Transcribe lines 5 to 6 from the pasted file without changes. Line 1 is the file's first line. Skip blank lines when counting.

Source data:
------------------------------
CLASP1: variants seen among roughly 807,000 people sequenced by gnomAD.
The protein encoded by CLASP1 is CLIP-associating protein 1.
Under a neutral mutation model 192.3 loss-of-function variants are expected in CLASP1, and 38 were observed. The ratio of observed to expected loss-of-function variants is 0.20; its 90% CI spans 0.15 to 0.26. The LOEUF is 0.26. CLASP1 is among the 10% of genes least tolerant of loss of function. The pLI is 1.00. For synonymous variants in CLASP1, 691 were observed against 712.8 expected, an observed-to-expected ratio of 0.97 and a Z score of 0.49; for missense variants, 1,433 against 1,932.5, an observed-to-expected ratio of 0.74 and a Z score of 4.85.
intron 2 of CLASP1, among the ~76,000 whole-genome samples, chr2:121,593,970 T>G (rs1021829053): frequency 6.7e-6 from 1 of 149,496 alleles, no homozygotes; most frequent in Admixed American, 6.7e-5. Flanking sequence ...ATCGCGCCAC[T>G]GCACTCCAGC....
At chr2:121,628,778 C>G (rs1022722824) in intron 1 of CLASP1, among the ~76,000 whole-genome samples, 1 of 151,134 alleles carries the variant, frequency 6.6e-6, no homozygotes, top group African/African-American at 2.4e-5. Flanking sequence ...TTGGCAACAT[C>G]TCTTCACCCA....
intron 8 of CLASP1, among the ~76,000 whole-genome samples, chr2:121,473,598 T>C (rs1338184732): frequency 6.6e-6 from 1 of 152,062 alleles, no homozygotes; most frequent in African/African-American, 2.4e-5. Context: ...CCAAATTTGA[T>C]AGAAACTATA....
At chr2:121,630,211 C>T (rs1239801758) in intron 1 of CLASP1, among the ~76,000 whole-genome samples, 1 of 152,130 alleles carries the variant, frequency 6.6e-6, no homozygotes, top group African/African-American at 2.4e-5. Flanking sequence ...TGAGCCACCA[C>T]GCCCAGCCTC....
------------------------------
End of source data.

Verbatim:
At chr2:121,628,778 C>G (rs1022722824) in intron 1 of CLASP1, among the ~76,000 whole-genome samples, 1 of 151,134 alleles carries the variant, frequency 6.6e-6, no homozygotes, top group African/African-American at 2.4e-5. Flanking sequence ...TTGGCAACAT[C>G]TCTTCACCCA....
intron 8 of CLASP1, among the ~76,000 whole-genome samples, chr2:121,473,598 T>C (rs1338184732): frequency 6.6e-6 from 1 of 152,062 alleles, no homozygotes; most frequent in African/African-American, 2.4e-5. Context: ...CCAAATTTGA[T>C]AGAAACTATA....